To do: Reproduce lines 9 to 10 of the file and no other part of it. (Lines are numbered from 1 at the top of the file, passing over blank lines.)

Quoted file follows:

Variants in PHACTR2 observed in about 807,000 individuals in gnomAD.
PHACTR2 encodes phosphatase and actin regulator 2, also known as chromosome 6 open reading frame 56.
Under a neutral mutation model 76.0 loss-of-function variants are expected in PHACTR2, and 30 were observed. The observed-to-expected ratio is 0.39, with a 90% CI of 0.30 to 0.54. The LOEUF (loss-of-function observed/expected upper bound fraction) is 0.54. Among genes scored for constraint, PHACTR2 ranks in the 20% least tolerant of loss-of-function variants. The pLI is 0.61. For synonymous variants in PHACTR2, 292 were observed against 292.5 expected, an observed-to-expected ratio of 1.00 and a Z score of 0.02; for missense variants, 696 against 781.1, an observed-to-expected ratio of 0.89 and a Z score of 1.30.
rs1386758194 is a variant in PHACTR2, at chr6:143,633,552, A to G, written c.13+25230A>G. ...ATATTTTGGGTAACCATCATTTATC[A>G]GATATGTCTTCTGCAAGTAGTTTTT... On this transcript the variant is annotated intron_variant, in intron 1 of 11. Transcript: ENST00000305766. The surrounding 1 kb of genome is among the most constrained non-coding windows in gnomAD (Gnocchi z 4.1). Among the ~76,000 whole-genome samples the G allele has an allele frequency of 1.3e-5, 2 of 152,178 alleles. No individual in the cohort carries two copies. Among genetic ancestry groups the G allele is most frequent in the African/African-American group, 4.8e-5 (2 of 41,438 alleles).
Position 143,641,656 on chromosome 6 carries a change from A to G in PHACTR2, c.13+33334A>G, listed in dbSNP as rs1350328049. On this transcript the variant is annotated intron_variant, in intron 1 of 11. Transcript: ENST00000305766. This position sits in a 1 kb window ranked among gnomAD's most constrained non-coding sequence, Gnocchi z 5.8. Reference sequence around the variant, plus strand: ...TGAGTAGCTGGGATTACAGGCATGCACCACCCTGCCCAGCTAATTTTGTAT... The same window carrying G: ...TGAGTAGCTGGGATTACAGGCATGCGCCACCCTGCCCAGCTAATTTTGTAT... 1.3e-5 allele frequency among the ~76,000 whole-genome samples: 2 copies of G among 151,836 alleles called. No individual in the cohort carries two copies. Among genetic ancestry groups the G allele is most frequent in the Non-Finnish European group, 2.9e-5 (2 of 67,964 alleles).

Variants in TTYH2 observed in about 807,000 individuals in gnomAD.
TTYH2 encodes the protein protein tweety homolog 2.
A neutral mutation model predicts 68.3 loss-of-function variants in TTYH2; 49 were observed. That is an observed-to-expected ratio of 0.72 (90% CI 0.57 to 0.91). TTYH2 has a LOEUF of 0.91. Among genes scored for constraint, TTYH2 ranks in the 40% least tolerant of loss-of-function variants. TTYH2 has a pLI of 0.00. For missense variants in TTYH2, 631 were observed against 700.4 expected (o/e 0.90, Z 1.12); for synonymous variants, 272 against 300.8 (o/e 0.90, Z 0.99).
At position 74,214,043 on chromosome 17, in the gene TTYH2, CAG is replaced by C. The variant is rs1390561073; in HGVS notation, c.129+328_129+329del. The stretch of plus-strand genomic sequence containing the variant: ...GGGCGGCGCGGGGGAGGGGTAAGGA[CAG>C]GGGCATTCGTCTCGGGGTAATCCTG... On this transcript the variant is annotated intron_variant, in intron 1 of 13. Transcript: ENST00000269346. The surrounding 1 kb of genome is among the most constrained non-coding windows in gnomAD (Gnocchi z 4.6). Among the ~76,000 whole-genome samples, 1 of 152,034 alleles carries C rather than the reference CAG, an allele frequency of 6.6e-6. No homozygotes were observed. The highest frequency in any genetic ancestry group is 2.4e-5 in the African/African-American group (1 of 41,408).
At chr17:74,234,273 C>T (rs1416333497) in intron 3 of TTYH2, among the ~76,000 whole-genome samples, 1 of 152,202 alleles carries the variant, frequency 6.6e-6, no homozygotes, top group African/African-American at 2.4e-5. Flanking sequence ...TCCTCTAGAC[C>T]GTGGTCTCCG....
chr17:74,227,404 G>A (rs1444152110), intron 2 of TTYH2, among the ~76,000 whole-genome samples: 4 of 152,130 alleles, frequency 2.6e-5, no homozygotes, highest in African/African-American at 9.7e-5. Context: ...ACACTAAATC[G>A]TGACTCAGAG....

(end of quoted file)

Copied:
At position 74,214,043 on chromosome 17, in the gene TTYH2, CAG is replaced by C. The variant is rs1390561073; in HGVS notation, c.129+328_129+329del. The stretch of plus-strand genomic sequence containing the variant: ...GGGCGGCGCGGGGGAGGGGTAAGGA[CAG>C]GGGCATTCGTCTCGGGGTAATCCTG... On this transcript the variant is annotated intron_variant, in intron 1 of 13. Transcript: ENST00000269346. The surrounding 1 kb of genome is among the most constrained non-coding windows in gnomAD (Gnocchi z 4.6). Among the ~76,000 whole-genome samples, 1 of 152,034 alleles carries C rather than the reference CAG, an allele frequency of 6.6e-6. No homozygotes were observed. The highest frequency in any genetic ancestry group is 2.4e-5 in the African/African-American group (1 of 41,408).
At chr17:74,234,273 C>T (rs1416333497) in intron 3 of TTYH2, among the ~76,000 whole-genome samples, 1 of 152,202 alleles carries the variant, frequency 6.6e-6, no homozygotes, top group African/African-American at 2.4e-5. Flanking sequence ...TCCTCTAGAC[C>T]GTGGTCTCCG....